Retirement After 65? Health Will Not Allow, Warns Ministry of Health

The Ministry of Health has voiced criticism against the proposed increase in the retirement age in the Czech Republic. This proposal, part of the pension reform, was suggested by the Ministry of Labour and Social Affairs. Unions, among others, have also joined the opposition against the proposal.

The reform suggests that the retirement age will not be fixed in the future but will be determined by life expectancy. It won’t stop at the age of 65, which is expected to be reached by most people by 2035, but will gradually increase without limit. For instance, people born after 1981 could, according to the reform documents, retire after their 67th birthday.

The Ministry of Health criticizes the continuous extension of the retirement age, stating that the population over 65 is not in a health condition to provide the necessary work performance in the following years. Unions also harshly criticize the reform, mainly because early pensions for demanding professions have not been resolved about the increase in retirement age, and there are not enough analyses for it.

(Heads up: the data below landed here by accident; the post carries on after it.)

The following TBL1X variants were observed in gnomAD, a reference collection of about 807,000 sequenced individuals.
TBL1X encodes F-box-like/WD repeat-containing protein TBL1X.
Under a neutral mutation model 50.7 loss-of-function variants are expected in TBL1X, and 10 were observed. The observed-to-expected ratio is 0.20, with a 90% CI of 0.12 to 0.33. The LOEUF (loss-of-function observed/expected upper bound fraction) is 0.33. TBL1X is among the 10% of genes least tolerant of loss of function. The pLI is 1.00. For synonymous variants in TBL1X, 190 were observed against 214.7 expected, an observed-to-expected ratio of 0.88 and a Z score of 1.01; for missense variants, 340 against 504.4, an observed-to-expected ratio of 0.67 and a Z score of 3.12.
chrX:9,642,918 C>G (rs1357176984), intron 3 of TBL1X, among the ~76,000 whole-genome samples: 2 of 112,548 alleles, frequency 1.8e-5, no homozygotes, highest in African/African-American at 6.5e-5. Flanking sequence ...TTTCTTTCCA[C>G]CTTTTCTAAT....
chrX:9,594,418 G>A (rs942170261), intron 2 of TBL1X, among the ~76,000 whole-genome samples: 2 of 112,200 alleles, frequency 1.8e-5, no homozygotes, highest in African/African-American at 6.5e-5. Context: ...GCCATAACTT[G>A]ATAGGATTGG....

The Ministry of Labour and Social Affairs, led by Marian Jurečka, justifies the pension reform to stabilize the pension system’s deficits. “The proposal contains such changes that we can ensure decent pensions for current pensioners, but also their children and grandchildren,” he said during its presentation.

However, the increase in the retirement age also worries the Office for Foreign Relations and Information, a civilian intelligence service. By law, their service relationship should end at 65 years. They warned that a situation may arise in the future when an officer ends his service relationship without being entitled to a service allowance. Still, his entitlement to an old-age pension has not yet occurred.

The Czech Statistical Office criticized the way the Ministry of Labour wants to calculate the retirement age. It noted that the proposal fixes the calculation methodology to a procedure from 2015, which would inevitably lead to using two different life expectancies: the currently published one as a reference value in demographic statistics and another, with an older methodology, for the proposed law.